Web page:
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Scenic Areas You Should See on Huangshan

There are many scenic areas and peaks to hike on Huangshan. These are some of my favorite places I hiked around.

Xihai Grand Canyon

This was one of the best areas for photos! Start from the back by the Taiping Cableway and make your way towards the Track Rail Cableway (if you do it backwards you’ll be going only uphill and be in a lot of pain).

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The Yellow Mountains of China ⛰

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Turtle Mountain (Aoyu)

This might be my favorite place in Huangshan – it was easy to find a place by myself and take photos without many people around!

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As I was leaving my hotel in the morning a man stopped me and said, “Excuse me I think I have a photo of you. I was confused why he had taken my photo at first (but this is China afterall) then he airdropped me a photo he took when I was on Turtle Peak. It turned out to be an awesome pic I never could have gotten on my own!

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Lotus Peak

Lotus Peak is a real leg work out, but totally worth it for the view at the top!

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Beginning to Believe (Shixin Peak)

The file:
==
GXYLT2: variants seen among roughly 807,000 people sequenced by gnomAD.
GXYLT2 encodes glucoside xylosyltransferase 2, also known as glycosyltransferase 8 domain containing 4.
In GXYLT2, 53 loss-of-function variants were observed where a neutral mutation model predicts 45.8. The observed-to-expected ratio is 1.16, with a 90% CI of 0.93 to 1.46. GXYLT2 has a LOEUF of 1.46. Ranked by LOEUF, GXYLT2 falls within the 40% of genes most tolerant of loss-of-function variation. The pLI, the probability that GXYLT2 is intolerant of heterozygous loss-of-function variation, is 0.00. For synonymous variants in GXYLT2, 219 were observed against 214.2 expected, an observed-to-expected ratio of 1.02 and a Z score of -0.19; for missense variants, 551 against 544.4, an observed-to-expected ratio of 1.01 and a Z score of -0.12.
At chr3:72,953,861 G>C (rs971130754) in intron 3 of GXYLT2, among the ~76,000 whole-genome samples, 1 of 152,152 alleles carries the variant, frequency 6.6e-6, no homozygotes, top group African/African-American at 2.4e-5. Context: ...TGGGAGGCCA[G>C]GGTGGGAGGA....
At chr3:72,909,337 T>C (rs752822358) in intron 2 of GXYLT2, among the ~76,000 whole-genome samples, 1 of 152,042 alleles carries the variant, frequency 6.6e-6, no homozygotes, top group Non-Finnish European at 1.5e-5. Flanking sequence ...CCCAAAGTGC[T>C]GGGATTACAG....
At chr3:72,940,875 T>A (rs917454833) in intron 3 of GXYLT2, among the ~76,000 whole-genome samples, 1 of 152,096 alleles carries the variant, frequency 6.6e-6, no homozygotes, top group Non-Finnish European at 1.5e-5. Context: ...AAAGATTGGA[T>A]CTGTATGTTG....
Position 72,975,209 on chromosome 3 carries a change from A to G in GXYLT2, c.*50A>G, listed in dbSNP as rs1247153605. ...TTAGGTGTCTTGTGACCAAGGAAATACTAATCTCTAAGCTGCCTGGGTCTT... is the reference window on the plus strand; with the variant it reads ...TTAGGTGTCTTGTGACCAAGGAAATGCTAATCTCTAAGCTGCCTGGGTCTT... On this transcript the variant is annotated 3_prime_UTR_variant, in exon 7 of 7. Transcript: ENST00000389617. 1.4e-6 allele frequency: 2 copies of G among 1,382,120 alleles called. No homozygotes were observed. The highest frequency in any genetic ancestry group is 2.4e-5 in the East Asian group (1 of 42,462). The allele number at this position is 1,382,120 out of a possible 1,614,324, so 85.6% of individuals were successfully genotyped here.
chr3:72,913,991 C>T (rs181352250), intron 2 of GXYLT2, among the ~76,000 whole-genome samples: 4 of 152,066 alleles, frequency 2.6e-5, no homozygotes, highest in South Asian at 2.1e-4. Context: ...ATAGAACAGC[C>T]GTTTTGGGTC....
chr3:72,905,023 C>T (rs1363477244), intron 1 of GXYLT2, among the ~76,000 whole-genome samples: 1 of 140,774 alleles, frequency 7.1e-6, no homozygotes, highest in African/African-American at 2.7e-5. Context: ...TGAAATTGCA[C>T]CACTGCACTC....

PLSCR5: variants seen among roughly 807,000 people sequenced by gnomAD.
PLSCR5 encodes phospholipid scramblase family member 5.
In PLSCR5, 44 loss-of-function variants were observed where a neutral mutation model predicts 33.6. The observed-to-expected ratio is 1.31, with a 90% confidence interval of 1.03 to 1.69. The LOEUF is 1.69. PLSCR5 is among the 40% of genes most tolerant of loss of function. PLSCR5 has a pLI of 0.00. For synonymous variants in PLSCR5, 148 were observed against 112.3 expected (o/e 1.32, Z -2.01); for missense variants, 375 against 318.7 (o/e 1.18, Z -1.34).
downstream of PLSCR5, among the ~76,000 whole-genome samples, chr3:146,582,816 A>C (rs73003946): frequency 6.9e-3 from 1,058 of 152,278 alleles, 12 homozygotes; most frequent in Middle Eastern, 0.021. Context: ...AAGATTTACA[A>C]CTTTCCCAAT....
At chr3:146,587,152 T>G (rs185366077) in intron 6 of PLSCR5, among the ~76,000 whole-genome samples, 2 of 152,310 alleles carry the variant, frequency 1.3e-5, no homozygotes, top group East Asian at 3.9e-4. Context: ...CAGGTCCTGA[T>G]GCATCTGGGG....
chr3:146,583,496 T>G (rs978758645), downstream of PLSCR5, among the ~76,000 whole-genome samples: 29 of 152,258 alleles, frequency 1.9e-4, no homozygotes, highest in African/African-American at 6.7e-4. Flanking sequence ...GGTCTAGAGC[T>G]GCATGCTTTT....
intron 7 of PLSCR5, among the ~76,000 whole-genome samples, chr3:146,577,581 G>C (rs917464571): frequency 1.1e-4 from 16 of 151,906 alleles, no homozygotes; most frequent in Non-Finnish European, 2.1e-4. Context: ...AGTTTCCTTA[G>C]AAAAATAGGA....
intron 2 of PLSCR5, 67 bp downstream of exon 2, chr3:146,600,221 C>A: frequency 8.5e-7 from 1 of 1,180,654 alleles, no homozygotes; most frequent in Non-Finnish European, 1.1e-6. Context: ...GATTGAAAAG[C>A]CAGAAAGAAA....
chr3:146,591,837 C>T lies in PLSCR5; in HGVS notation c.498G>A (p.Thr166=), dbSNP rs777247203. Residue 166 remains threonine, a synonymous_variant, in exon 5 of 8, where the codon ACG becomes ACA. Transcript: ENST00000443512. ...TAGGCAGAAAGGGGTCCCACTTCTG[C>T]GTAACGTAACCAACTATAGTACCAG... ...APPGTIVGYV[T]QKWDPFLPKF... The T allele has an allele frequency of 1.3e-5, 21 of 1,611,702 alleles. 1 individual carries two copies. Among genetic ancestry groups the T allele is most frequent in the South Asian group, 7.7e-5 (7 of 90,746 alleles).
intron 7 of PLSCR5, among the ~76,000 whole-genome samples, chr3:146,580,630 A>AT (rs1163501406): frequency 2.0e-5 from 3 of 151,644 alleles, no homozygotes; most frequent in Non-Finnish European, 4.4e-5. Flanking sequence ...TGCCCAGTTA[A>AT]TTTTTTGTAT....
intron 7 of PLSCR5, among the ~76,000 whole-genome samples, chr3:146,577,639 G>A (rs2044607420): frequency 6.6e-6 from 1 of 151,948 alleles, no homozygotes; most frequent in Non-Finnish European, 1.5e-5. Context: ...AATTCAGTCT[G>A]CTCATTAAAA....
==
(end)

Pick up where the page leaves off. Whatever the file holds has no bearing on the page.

The first time I walked up Shixin Peak it was incredibly foggy and I couldn’t see anything! But on my way back down I came back here and really loved the views.

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Tips for Hiking Huangshan

  • Huangshan is huge! There are lots of different routes to hike, depending on how much time you have. Plan your route carefully so you don’t waste time or exhaust yourself.
  • Cable cars save time! There is plenty of hiking to do on the mountain itself with incredible views, so I recommend taking a cable car up part way then saving your energy for hiking at the top.
  • Stay on the mountain for a night. It’s more expensive than staying in the town below but worth it for the sunset and sunrise.
  • Pack light! My first night I stayed in Tangkou and my hotel let me keep my big bag there so I could hike with a lighter bag. Or you can drop your things at your hotel first, but it is still a hike up to most of the hotels.